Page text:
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Harmful Algae Blooms (H.A.B.s)

Written by guest author Gabby Pfeiffer

Harmful algae blooms (HABs) are a serious threat to the lake’s health and water-based recreation. That murky green film can have serious health impacts. Some cyanobacterial blooms (harmful algae blooms) can cause harm to your skin, liver and nervous system. Adequate exposure to the harmful bloom can cause a variety of symptoms in both humans and animals. In fact, every year nationwide there are accounts of serious illness and death of dogs. If your dog does come in contact with a HAB be sure hose them off quickly before they can lick concentrated toxins on their fur. These HABs can be expensive and difficult to treat, which impacts industries that need clean water, like recreation and irrigation.

But what causes HABs? There are a few main causes in freshwater: excess nutrients, warm temperatures and lack of circulation. While nutrients such as phosphorus and nitrogen are essential for plant growth and are helpful fertilizers, they (particularly phosphorus) can be harmful when entering the water. Nutrients have similar effects on algae as they do on the plants in your garden where they support and accelerate growth. The algae in the water will multiply rapidly by using excess nutrients and absorbing energy from the sun’s heat to continue reproduction.

Rising temperatures in our area don’t help the issue. The warmer water creates a more hospitable environment for cyanobacteria. When you combine excess nutrients and high temperatures in a low drainage lake, you have the perfect scenario for an algae bloom. Our own Fernan Lake struggles with chronic algae blooms every summer and becomes unusable for the duration of the bloom. Because of these factors, you'd think that the smaller lakes would bloom, but there are large lakes that bloom as well.

Lake Coeur d’Alene experiences HABs in the southern region of the lake. HABs increasing throughout the lake are still a major concern due the unique history of the lake. This is due to the historic mining done in our area, which released heavy metals into our lake such as zinc and lead. Currently most of the metals are bound to sediments by an oxygen cap just above the floor of the lake in the overlying water. However, an algae bloom could degrade this oxygen cap after the bloom dies and sinks to the bottom. The process of decomposition of the algae requires oxygen which erodes the cap between the metals and the contaminants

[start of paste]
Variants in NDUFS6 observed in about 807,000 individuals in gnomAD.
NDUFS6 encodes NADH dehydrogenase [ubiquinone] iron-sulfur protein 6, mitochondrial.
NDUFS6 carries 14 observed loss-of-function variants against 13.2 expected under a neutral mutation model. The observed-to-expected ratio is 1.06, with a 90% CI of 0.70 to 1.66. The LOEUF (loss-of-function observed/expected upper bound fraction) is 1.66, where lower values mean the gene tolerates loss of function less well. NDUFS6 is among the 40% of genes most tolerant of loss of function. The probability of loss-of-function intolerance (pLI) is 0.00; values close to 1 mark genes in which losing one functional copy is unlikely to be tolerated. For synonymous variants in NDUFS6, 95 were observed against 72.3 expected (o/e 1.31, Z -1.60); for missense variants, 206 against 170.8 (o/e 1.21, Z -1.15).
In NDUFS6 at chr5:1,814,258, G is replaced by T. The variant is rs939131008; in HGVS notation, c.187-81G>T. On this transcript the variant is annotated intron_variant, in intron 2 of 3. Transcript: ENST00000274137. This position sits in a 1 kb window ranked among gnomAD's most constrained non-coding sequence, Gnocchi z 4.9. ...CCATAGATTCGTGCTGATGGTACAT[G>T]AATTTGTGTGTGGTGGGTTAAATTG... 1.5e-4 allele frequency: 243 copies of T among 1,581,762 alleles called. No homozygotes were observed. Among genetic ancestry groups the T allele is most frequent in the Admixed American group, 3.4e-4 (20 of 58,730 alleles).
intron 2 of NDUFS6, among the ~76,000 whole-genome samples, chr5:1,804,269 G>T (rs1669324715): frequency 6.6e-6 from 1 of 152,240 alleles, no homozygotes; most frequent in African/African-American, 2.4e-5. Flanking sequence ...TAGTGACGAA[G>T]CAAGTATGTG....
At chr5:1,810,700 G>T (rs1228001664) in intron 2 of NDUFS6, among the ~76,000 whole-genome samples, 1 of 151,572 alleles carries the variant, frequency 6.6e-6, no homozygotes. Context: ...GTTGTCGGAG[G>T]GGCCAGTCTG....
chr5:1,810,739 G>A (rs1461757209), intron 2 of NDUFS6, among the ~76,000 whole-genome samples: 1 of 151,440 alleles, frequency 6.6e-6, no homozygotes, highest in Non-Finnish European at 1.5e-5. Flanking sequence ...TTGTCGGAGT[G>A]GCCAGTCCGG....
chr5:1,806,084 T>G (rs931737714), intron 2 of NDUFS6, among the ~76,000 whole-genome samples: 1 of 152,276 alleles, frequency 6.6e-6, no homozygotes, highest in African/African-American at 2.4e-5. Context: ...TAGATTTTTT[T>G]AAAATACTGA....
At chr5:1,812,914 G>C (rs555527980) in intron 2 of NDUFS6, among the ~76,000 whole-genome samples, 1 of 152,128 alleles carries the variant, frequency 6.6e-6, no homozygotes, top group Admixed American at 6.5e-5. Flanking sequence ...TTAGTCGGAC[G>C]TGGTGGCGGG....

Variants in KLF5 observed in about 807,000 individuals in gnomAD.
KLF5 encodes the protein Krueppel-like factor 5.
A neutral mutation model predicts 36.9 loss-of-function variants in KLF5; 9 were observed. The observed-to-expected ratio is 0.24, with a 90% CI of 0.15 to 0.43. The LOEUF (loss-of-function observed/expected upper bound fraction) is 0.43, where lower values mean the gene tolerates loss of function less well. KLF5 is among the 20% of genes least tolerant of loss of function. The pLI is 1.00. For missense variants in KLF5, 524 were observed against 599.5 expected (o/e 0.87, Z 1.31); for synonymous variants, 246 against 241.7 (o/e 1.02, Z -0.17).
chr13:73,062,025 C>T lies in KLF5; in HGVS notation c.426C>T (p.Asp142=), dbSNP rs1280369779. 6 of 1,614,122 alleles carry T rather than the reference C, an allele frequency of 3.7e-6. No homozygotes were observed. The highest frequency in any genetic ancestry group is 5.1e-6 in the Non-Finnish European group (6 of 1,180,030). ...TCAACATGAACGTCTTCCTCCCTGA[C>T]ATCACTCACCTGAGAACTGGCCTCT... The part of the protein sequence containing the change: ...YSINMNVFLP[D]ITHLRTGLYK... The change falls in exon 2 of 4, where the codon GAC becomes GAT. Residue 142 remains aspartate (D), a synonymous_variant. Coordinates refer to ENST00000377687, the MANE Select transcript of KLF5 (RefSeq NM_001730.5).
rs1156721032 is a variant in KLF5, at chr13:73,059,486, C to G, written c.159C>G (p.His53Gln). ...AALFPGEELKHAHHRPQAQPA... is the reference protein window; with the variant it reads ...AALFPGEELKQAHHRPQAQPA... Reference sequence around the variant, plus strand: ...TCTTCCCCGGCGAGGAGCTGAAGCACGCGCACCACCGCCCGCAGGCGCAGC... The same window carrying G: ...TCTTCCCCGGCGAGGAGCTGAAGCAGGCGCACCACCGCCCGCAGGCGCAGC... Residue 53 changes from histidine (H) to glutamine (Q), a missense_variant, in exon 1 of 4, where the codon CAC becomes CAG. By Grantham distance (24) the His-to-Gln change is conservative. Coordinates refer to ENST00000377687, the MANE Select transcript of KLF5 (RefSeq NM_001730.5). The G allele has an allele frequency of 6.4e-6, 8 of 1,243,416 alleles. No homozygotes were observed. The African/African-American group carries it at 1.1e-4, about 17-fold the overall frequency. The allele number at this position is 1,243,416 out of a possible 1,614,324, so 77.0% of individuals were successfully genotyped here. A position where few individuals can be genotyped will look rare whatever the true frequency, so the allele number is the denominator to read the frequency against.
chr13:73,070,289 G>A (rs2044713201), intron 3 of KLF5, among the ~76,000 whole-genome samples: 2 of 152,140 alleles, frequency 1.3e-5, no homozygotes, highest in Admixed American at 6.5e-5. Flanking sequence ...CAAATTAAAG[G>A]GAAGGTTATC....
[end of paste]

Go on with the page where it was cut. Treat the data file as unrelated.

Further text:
There are a few things we can do as citizens to help. First, be aware of what you use in your gardens and lawns. Fertilizers are a useful tool, but overuse or carelessness can cause overproduction of algae and harm our water. Look into no-phosphorus fertilizers and lawn treatments and avoid over-irrigation of lawn and gardens where fertilizers end up in waterways. Second, respect the drain. Storm drains south of I-90 go straight into the lake, so be mindful of your water waste. Avoid washing your car on pavement, instead do it on a grassy surface or take it a professional car wash. Pick up pet waste in your yard and on your walks with your dog. Don’t leave yard waste or garbage in the street as it can seep into storm drains. A good rule to live by is “only rain down the drain”.

Currently there are active health advisories on Fernan, Cocolalla, Spirit and Avondale lakes as well as in Morton slough on the Pend Orielle River. If you see widespread scum along the shoreline of any other lake, please call the Idaho Department of Environmental Quality.

University of Idaho

Physical Address:
1031 N. Academic Way,
Suite 242
Coeur d'Alene, ID 83814

Phone: 208-667-2588

Fax: 208-664-1272



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